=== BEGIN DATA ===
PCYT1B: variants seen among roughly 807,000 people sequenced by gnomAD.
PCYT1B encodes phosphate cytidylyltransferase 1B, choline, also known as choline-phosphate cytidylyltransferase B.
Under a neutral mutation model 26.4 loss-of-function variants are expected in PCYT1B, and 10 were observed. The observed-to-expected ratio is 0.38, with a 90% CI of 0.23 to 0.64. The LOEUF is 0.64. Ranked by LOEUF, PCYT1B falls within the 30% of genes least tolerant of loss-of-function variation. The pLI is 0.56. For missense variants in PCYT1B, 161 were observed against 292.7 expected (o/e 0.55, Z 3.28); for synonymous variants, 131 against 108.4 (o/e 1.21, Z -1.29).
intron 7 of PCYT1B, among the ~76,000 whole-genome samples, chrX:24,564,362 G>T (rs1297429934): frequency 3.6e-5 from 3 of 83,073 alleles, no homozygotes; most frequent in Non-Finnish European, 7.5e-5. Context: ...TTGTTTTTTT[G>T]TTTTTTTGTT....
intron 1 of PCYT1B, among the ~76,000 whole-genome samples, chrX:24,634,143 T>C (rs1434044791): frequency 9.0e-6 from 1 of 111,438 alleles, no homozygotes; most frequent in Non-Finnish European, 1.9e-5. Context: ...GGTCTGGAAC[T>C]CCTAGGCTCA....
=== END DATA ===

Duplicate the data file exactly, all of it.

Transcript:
PCYT1B: variants seen among roughly 807,000 people sequenced by gnomAD.
PCYT1B encodes phosphate cytidylyltransferase 1B, choline, also known as choline-phosphate cytidylyltransferase B.
Under a neutral mutation model 26.4 loss-of-function variants are expected in PCYT1B, and 10 were observed. The observed-to-expected ratio is 0.38, with a 90% CI of 0.23 to 0.64. The LOEUF is 0.64. Ranked by LOEUF, PCYT1B falls within the 30% of genes least tolerant of loss-of-function variation. The pLI is 0.56. For missense variants in PCYT1B, 161 were observed against 292.7 expected (o/e 0.55, Z 3.28); for synonymous variants, 131 against 108.4 (o/e 1.21, Z -1.29).
intron 7 of PCYT1B, among the ~76,000 whole-genome samples, chrX:24,564,362 G>T (rs1297429934): frequency 3.6e-5 from 3 of 83,073 alleles, no homozygotes; most frequent in Non-Finnish European, 7.5e-5. Context: ...TTGTTTTTTT[G>T]TTTTTTTGTT....
intron 1 of PCYT1B, among the ~76,000 whole-genome samples, chrX:24,634,143 T>C (rs1434044791): frequency 9.0e-6 from 1 of 111,438 alleles, no homozygotes; most frequent in Non-Finnish European, 1.9e-5. Context: ...GGTCTGGAAC[T>C]CCTAGGCTCA....